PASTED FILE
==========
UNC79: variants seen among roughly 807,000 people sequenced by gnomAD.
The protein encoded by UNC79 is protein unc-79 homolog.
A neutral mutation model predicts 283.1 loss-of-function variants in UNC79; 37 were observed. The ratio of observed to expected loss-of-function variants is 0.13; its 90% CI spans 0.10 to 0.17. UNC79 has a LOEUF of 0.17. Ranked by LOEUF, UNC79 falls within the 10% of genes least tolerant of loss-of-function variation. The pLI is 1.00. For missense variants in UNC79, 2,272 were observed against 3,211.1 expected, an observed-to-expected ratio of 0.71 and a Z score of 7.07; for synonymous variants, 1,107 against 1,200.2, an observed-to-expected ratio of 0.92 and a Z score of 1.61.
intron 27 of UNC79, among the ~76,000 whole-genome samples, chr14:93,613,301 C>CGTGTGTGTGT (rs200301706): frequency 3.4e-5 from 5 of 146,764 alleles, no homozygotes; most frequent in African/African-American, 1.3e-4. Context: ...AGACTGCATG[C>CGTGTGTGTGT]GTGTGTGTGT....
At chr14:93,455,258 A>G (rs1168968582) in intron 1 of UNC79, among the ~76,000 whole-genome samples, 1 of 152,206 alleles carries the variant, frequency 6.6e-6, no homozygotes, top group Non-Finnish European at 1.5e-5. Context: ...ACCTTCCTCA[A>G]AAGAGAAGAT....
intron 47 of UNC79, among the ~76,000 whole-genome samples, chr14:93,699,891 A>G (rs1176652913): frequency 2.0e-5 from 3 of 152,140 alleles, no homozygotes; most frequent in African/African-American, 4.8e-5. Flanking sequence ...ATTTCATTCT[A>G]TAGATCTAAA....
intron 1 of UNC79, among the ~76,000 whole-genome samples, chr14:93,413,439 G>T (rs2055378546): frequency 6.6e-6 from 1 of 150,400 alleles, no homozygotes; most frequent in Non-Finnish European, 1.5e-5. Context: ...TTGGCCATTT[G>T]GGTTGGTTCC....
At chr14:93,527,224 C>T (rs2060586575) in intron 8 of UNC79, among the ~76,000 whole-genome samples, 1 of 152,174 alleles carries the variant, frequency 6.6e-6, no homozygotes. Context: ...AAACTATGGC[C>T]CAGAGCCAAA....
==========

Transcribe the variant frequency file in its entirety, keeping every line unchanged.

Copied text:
UNC79: variants seen among roughly 807,000 people sequenced by gnomAD.
The protein encoded by UNC79 is protein unc-79 homolog.
A neutral mutation model predicts 283.1 loss-of-function variants in UNC79; 37 were observed. The ratio of observed to expected loss-of-function variants is 0.13; its 90% CI spans 0.10 to 0.17. UNC79 has a LOEUF of 0.17. Ranked by LOEUF, UNC79 falls within the 10% of genes least tolerant of loss-of-function variation. The pLI is 1.00. For missense variants in UNC79, 2,272 were observed against 3,211.1 expected, an observed-to-expected ratio of 0.71 and a Z score of 7.07; for synonymous variants, 1,107 against 1,200.2, an observed-to-expected ratio of 0.92 and a Z score of 1.61.
intron 27 of UNC79, among the ~76,000 whole-genome samples, chr14:93,613,301 C>CGTGTGTGTGT (rs200301706): frequency 3.4e-5 from 5 of 146,764 alleles, no homozygotes; most frequent in African/African-American, 1.3e-4. Context: ...AGACTGCATG[C>CGTGTGTGTGT]GTGTGTGTGT....
At chr14:93,455,258 A>G (rs1168968582) in intron 1 of UNC79, among the ~76,000 whole-genome samples, 1 of 152,206 alleles carries the variant, frequency 6.6e-6, no homozygotes, top group Non-Finnish European at 1.5e-5. Context: ...ACCTTCCTCA[A>G]AAGAGAAGAT....
intron 47 of UNC79, among the ~76,000 whole-genome samples, chr14:93,699,891 A>G (rs1176652913): frequency 2.0e-5 from 3 of 152,140 alleles, no homozygotes; most frequent in African/African-American, 4.8e-5. Flanking sequence ...ATTTCATTCT[A>G]TAGATCTAAA....
intron 1 of UNC79, among the ~76,000 whole-genome samples, chr14:93,413,439 G>T (rs2055378546): frequency 6.6e-6 from 1 of 150,400 alleles, no homozygotes; most frequent in Non-Finnish European, 1.5e-5. Context: ...TTGGCCATTT[G>T]GGTTGGTTCC....
At chr14:93,527,224 C>T (rs2060586575) in intron 8 of UNC79, among the ~76,000 whole-genome samples, 1 of 152,174 alleles carries the variant, frequency 6.6e-6, no homozygotes. Context: ...AAACTATGGC[C>T]CAGAGCCAAA....